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Question of the Day
George W. Bush's twin daughters were under wraps for most of his presidential campaign, making only two public appearances in the hard-fought primaries.
Even during the Republican National Convention last summer, the young women were seen only briefly, captured on television as they waved proudly from the VIP stand at Philadelphia's First Union Center.
The Bush daughters' limited visibility reportedly was their choice, and their high-profile parents were happy to oblige.
Now, as Inauguration Day looms Saturday, Jenna and Barbara Bush may be preparing even bracing for a coming out of sorts, as four days' worth of public ceremonies will be beamed around the world.
Soon, many Americans will be able to tell the non-identical twins apart as studious Barbara, the brunette, and fun-loving Jenna, the blond, appear front and center when Dad becomes the nation's 43rd president.
Just as mother Laura Bush's inaugural wardrobe was eagerly anticipated by fashion observers, the couple's youthful offspring will make their Washington debut in style. The daughters' ensembles, created by Texas-born and New York-based designer Lela Rose, are certain to be scrutinized in fashion magazines, where the teens' natural good looks make them obvious image magnets for their generation.
"They definitely have the potential of setting trends for their age group and also probably a little bit older," says Mrs. Rose, 31, whose clothes have been worn before by the size-6 Bush daughters.
"They carry themselves very well. They are very mature for 19," Mrs. Rose says. But they also are freshmen in college, she adds, and like many in their age group, "still developing a sense of style."
Expect the press to go gaga over the attractive teen-agers, who are already quite the buzz on one popular Web site devoted to twins. No matter how high their celebrity soars, mum no doubt will be the word from the Bush camp, which so far has tersely declined to elaborate on specifics of their lives.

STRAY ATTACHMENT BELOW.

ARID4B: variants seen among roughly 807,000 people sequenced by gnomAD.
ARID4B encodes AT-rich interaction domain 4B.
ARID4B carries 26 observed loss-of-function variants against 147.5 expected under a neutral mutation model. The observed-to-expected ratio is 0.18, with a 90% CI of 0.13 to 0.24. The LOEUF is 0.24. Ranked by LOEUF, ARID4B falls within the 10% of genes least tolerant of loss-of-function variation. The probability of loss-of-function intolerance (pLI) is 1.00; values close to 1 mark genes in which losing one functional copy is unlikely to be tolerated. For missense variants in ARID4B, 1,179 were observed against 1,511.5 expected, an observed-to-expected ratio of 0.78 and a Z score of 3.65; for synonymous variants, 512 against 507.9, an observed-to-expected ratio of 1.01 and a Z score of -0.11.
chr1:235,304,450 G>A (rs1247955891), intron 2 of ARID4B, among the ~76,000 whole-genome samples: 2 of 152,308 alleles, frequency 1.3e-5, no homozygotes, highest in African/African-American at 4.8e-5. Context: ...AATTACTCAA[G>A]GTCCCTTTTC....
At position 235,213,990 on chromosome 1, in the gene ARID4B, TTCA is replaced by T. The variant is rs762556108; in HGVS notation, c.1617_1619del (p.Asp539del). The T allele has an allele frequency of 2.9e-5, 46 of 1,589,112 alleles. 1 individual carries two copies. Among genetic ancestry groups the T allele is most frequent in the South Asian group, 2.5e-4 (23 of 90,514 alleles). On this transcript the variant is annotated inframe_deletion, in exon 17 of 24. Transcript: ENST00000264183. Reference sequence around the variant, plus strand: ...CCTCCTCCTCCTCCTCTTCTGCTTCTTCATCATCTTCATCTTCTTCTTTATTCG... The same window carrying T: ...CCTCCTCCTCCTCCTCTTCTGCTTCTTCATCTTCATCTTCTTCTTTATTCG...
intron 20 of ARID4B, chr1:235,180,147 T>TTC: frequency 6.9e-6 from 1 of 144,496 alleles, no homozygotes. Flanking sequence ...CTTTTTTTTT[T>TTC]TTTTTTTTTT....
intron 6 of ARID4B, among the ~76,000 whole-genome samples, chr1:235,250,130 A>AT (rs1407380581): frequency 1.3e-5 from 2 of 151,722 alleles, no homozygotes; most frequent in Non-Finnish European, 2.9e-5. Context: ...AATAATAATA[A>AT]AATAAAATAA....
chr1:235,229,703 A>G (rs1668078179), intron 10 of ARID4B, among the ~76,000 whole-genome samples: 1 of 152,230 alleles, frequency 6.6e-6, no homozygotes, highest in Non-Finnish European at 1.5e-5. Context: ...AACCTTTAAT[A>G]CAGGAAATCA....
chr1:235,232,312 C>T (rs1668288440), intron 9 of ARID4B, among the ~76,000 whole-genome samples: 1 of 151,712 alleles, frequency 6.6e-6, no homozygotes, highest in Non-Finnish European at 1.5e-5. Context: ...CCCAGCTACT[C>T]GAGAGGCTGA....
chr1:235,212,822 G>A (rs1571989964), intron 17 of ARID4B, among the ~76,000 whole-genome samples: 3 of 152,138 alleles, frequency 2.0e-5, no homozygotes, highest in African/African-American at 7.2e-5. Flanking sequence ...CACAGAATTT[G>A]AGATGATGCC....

"You should know better than to ask me a question like that," Bush spokesman Ari Fleischer snapped last summer when a reporter asked about the girls' choices of colleges.
Mr. Bush, early in his campaign, expressed his concerns about Barbara and Jenna amid the harshness of the media glare.
President Clinton's daughter, Chelsea, was afforded a zone of privacy during the bulk of his two terms, which began when she was 12. But all bets are off now that Chelsea no longer is a minor.
The Bushes clearly have been thinking about the fact that their daughters no longer are children but young adults.
"One of my great hesitancies about making this race is I really dont want their lives to be affected by me, and I know its going to be," Mr. Bush told reporters in late 1998.
"I know what its like to be the son of a president," the Texas governor said. "But I dont know what its like to be the son of a president at 18 years old. Im worried about that point."
The Bushes were careful not to use their daughters for publicity during the campaign to protect their privacy, Mrs. Bush said in a joint television interview with her husband that aired Sunday night on NBC's "Dateline. She said she hopes the media will steer clear, she added, granting the Bush daughters the same courtesy afforded to Chelsea Clinton.